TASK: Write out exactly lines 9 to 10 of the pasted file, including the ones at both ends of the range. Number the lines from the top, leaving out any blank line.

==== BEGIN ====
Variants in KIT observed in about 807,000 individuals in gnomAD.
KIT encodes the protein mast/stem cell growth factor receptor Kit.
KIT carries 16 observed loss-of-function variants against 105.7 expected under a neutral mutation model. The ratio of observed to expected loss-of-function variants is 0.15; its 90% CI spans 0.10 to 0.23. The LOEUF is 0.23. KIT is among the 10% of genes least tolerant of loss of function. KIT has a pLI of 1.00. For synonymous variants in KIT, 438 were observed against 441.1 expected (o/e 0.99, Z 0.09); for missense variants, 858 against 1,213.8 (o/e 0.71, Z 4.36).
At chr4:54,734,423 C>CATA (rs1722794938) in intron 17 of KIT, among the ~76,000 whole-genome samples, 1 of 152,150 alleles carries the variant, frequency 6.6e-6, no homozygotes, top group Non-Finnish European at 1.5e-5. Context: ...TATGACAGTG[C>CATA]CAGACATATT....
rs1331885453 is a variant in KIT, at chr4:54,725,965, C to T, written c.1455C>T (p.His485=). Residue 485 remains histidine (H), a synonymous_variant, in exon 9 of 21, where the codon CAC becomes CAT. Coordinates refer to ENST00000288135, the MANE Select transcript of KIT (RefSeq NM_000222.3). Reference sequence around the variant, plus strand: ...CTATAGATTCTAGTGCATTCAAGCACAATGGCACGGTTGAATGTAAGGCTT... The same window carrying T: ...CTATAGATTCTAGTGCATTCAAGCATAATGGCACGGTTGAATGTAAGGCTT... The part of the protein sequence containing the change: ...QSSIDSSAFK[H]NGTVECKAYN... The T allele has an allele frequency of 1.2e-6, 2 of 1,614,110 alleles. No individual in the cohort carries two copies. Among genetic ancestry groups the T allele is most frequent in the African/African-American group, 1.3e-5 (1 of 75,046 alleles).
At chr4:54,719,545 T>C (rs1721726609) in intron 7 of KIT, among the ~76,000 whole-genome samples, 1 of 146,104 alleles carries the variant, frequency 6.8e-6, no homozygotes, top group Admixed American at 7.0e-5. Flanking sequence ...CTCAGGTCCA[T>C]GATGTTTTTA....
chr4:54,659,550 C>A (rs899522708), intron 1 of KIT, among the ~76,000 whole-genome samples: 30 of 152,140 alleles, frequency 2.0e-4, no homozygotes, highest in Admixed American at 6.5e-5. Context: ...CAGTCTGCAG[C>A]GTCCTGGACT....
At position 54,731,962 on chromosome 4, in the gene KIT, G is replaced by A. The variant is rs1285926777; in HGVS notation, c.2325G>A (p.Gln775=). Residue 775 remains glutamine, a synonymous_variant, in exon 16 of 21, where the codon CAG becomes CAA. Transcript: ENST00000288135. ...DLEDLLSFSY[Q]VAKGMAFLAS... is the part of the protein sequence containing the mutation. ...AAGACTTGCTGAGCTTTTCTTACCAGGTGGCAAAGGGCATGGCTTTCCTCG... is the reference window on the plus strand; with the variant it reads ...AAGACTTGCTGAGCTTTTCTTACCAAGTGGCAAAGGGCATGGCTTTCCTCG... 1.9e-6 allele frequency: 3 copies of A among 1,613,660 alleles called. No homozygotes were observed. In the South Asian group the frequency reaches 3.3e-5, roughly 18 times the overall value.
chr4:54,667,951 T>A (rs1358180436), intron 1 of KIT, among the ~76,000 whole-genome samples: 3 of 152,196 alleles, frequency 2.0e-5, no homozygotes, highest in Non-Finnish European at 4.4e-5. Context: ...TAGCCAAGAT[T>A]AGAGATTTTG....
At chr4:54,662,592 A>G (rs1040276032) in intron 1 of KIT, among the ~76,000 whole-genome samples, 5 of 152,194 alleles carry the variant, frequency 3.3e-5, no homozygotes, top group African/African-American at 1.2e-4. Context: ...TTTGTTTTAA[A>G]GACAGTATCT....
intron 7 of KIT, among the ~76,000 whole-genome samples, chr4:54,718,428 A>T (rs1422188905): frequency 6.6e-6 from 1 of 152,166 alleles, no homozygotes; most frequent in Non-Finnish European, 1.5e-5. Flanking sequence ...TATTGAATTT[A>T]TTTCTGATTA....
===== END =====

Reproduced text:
chr4:54,667,951 T>A (rs1358180436), intron 1 of KIT, among the ~76,000 whole-genome samples: 3 of 152,196 alleles, frequency 2.0e-5, no homozygotes, highest in Non-Finnish European at 4.4e-5. Context: ...TAGCCAAGAT[T>A]AGAGATTTTG....
At chr4:54,662,592 A>G (rs1040276032) in intron 1 of KIT, among the ~76,000 whole-genome samples, 5 of 152,194 alleles carry the variant, frequency 3.3e-5, no homozygotes, top group African/African-American at 1.2e-4. Context: ...TTTGTTTTAA[A>G]GACAGTATCT....